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Virginia Tech Gets $15.2M Gift for Athletic Department

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The Roanoke Times (Virginia)

 

The money will be used to create a student-athlete performance center on the fourth floor of the Jamerson Athletic Center.

BLACKSBURG — For the better part of three years, Virginia Tech head sports nutritionist Jennie Zabinsky collected ideas and visited schools across the country to have a plan in place for when the Tech athletic department got enough funding to build a proposed enhanced dining area.

The multimillion-dollar price tag meant those goal posts were pretty far down the field — a long-term wish that was going to have to be addressed after a number of recent athletics building projects on campus.

But that changed in one fell swoop Monday, when Virginia Tech announced it has received a $15.2 million anonymous donation that'll be used to create a 17,000-square-foot, all-sports, state-of-the-art student-athlete performance center on the fourth floor of the Jamerson Athletics Center, overlooking the football practice fields.

"This is a dream come true," Zabinsky said. "It was really our long-term goal that we set up a few years ago, and for it to come this quickly and for such generous donors to be able to support our program and where we're going, it's a game-changer for not only our department but for the nutrition program.

"I'm completely shocked. But thrilled."

The donation, made by an anonymous alumni couple who are native Virginians and longtime benefactors to the university, is the single largest outright gift ever to Virginia Tech.

It completes the $16.5 million funding for the facility, which will serve as a dining room for athletes in all 22 of Virginia Tech's sports. It will replace the Bowman Room, which has existed since 1982. The project will be the first major step toward a future renovation of Cassell Coliseum, since it encompasses one side of the basketball facility.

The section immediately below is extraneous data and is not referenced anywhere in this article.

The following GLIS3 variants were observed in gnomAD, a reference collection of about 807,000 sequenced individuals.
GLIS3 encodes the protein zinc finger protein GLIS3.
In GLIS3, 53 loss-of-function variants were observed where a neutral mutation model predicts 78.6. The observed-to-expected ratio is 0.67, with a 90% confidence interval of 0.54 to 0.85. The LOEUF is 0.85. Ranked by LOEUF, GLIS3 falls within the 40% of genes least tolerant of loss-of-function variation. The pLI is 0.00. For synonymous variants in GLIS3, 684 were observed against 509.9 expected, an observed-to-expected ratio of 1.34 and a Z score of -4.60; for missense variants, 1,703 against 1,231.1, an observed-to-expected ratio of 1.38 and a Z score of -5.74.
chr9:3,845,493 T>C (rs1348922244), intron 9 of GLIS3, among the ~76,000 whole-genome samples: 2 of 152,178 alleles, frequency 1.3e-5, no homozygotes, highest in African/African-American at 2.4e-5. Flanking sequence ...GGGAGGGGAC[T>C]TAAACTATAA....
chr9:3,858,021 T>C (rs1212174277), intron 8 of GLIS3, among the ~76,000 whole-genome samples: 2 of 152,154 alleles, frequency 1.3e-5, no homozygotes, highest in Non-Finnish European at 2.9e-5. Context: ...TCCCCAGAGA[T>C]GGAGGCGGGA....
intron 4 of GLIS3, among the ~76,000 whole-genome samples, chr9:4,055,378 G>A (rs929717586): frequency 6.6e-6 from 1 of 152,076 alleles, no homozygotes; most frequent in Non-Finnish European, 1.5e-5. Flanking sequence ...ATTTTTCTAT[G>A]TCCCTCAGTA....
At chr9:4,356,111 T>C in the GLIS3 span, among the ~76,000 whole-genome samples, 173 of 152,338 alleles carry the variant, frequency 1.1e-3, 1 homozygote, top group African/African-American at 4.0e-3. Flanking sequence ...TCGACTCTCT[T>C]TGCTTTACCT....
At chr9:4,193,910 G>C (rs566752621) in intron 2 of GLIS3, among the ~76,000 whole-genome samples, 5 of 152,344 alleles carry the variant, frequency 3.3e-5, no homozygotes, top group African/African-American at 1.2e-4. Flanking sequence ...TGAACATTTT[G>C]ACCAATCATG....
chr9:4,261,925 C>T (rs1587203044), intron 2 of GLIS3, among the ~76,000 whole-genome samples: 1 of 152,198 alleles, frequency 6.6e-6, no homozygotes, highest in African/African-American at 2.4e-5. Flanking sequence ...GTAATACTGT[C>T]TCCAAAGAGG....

"This is a big step in our journey to being the best in the ACC," Virginia Tech athletic director Whit Babcock said at a Monday press conference while flanked by Virginia Tech President Timothy Sands. "That's what we aspire to, is to be a leader across the board, and we will get there in our conference."

The anonymous couple has also established an endowment that'll provide additional funding for upkeep to the facility in future years.

"To get it in one gift, $15.2 million — I've been in college athletics since I was 24. I've never seen one like that," Babcock said.

The couple had spoken with Babcock and other fundraisers at Virginia Tech for some time about the possibility of backing such a project. When they called back to ask a few more questions, they made their decision to cover the entire cost.

Babcock's reaction?

"To try to not screw it up at that point," he said.

Virginia Tech released conceptual art for the project Monday, although the design build process is next. Different firms will be competing for the contract, which could alter the final look of the room. Babcock said it will be a 20-month project with a completion date set for the fall of 2019.

The school has used the Bowman Room for various functions, including occasional team meals for different sports. But Virginia Tech never had an athlete-specific dining facility quite like this, instead putting various "fueling stations" around the Jamerson building at which athletes could grab snacks to supplement meals from the campus' regular award-winning cafeterias.